Office spaces for finance companies and the trading sector have changed drastically over the years. Their development has been mostly due to the advent of emerging technologies. It is useful for company managers to understand the history of these workspaces, as it will help them prepare for the future of the industry.

Early Days

At the start of the 20th-century, financial institutions used telephones and teleprinters to acquire quotes. These would be printed on a ticker tape. Offices needed to be spacious enough to accommodate cumbersome machines and a large number of print outs.

This problem was recognised as early as the 1920s. A system was developed for projecting ticker tape onto a screen. The 1950s saw the emergence of electro-mechanical boards which displayed important trade information.

Throughout the 1960s, work stations would often be overcrowded with phones. This was so that traders could communicate with different brokers at the same time. One of the most critical factors in trading is knowing new information in real-time. There was a push to create new technology which would make this a reality.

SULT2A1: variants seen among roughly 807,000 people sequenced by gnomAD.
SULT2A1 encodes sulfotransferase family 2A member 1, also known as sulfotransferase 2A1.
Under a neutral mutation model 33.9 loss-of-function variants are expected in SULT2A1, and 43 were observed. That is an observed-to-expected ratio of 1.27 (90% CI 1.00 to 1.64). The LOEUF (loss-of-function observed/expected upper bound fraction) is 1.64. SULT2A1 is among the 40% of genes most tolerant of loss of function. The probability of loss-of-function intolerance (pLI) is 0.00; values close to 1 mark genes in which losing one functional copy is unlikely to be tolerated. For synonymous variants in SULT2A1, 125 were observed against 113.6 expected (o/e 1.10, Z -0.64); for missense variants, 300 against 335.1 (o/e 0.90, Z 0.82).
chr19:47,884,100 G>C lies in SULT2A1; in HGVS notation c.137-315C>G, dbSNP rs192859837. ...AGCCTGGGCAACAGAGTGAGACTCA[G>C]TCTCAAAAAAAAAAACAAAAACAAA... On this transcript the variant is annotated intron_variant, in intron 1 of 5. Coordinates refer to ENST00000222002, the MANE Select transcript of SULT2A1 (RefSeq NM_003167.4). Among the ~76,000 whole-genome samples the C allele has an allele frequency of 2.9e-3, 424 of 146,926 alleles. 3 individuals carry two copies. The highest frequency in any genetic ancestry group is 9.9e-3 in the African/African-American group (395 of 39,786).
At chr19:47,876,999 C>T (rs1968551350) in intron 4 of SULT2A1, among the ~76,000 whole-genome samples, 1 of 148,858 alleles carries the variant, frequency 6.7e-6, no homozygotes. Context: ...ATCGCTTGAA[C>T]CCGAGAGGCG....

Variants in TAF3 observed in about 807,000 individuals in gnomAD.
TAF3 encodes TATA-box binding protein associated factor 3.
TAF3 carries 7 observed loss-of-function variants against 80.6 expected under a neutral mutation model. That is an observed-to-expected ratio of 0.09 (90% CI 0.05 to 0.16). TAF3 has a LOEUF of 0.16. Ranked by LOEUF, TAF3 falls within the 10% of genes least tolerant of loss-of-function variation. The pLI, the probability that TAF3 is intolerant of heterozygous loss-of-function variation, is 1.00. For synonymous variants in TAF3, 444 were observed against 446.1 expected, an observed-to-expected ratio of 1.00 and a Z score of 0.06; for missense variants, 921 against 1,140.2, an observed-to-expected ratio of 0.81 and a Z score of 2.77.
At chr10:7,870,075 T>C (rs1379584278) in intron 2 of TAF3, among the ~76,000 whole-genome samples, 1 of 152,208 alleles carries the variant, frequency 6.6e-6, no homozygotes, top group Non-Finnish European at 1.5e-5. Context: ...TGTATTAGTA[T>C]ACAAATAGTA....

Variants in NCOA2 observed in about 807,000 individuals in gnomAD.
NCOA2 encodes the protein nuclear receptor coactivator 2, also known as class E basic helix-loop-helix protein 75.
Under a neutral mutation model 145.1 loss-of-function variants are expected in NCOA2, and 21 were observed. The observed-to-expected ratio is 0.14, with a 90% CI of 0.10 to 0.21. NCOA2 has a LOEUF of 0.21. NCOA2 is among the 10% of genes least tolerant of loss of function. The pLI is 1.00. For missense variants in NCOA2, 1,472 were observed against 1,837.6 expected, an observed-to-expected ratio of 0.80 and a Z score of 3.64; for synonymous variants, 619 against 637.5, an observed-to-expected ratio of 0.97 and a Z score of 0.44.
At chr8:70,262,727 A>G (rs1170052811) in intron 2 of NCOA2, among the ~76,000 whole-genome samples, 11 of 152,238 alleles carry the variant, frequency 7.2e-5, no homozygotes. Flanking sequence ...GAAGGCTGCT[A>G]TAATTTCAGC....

Digital Revolution

The advent of affordable digital tech helped to make workspaces much more manageable and efficient. Digital readout displays eliminated the need for print outs and gave real-time updates. As hardware became smaller, the required desk space was reduced.

In modern times, financial and trading information is accessed via the internet. Therefore, an excellent online connection is essential for all trade offices. There was a transitional period when several institutions invested heavily in alternative information tech such as cable. Once the internet became cheaper, these investments were shown to be unwise. Modern company managers should learn from these mistakes in the past. It is essential to look ahead and remember that new technological innovations could be just around the corner.